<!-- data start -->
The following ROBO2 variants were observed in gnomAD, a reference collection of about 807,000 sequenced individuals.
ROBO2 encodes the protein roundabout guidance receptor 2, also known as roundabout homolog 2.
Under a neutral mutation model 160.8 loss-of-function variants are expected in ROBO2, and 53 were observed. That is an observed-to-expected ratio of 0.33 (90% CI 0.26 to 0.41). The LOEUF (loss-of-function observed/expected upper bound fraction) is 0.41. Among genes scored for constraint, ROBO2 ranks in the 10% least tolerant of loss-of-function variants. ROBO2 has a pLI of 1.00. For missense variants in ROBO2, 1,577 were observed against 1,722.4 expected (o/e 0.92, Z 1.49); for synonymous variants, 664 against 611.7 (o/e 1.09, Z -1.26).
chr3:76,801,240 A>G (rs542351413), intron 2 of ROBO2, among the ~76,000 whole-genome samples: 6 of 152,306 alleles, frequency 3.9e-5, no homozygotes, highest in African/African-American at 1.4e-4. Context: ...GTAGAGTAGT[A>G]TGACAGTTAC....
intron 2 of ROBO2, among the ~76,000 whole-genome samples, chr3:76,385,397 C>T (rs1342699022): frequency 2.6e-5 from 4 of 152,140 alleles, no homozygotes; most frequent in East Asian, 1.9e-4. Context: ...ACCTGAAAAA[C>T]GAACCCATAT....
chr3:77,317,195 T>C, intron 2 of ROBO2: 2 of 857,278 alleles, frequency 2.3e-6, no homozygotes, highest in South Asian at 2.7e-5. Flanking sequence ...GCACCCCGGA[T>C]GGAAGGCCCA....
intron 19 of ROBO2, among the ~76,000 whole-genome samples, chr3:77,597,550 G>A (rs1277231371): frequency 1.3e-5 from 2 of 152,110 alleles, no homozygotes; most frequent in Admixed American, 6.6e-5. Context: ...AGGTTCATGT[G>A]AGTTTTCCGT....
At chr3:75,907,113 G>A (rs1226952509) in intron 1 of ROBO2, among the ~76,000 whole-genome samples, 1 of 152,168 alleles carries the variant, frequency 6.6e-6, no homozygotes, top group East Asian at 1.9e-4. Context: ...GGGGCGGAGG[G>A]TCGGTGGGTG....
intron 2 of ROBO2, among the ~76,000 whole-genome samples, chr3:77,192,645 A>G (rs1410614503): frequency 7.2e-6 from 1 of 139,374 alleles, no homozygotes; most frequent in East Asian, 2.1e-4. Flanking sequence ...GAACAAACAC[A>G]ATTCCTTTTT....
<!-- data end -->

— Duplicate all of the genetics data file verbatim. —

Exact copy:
The following ROBO2 variants were observed in gnomAD, a reference collection of about 807,000 sequenced individuals.
ROBO2 encodes the protein roundabout guidance receptor 2, also known as roundabout homolog 2.
Under a neutral mutation model 160.8 loss-of-function variants are expected in ROBO2, and 53 were observed. That is an observed-to-expected ratio of 0.33 (90% CI 0.26 to 0.41). The LOEUF (loss-of-function observed/expected upper bound fraction) is 0.41. Among genes scored for constraint, ROBO2 ranks in the 10% least tolerant of loss-of-function variants. ROBO2 has a pLI of 1.00. For missense variants in ROBO2, 1,577 were observed against 1,722.4 expected (o/e 0.92, Z 1.49); for synonymous variants, 664 against 611.7 (o/e 1.09, Z -1.26).
chr3:76,801,240 A>G (rs542351413), intron 2 of ROBO2, among the ~76,000 whole-genome samples: 6 of 152,306 alleles, frequency 3.9e-5, no homozygotes, highest in African/African-American at 1.4e-4. Context: ...GTAGAGTAGT[A>G]TGACAGTTAC....
intron 2 of ROBO2, among the ~76,000 whole-genome samples, chr3:76,385,397 C>T (rs1342699022): frequency 2.6e-5 from 4 of 152,140 alleles, no homozygotes; most frequent in East Asian, 1.9e-4. Context: ...ACCTGAAAAA[C>T]GAACCCATAT....
chr3:77,317,195 T>C, intron 2 of ROBO2: 2 of 857,278 alleles, frequency 2.3e-6, no homozygotes, highest in South Asian at 2.7e-5. Flanking sequence ...GCACCCCGGA[T>C]GGAAGGCCCA....
intron 19 of ROBO2, among the ~76,000 whole-genome samples, chr3:77,597,550 G>A (rs1277231371): frequency 1.3e-5 from 2 of 152,110 alleles, no homozygotes; most frequent in Admixed American, 6.6e-5. Context: ...AGGTTCATGT[G>A]AGTTTTCCGT....
At chr3:75,907,113 G>A (rs1226952509) in intron 1 of ROBO2, among the ~76,000 whole-genome samples, 1 of 152,168 alleles carries the variant, frequency 6.6e-6, no homozygotes, top group East Asian at 1.9e-4. Context: ...GGGGCGGAGG[G>A]TCGGTGGGTG....
intron 2 of ROBO2, among the ~76,000 whole-genome samples, chr3:77,192,645 A>G (rs1410614503): frequency 7.2e-6 from 1 of 139,374 alleles, no homozygotes; most frequent in East Asian, 2.1e-4. Flanking sequence ...GAACAAACAC[A>G]ATTCCTTTTT....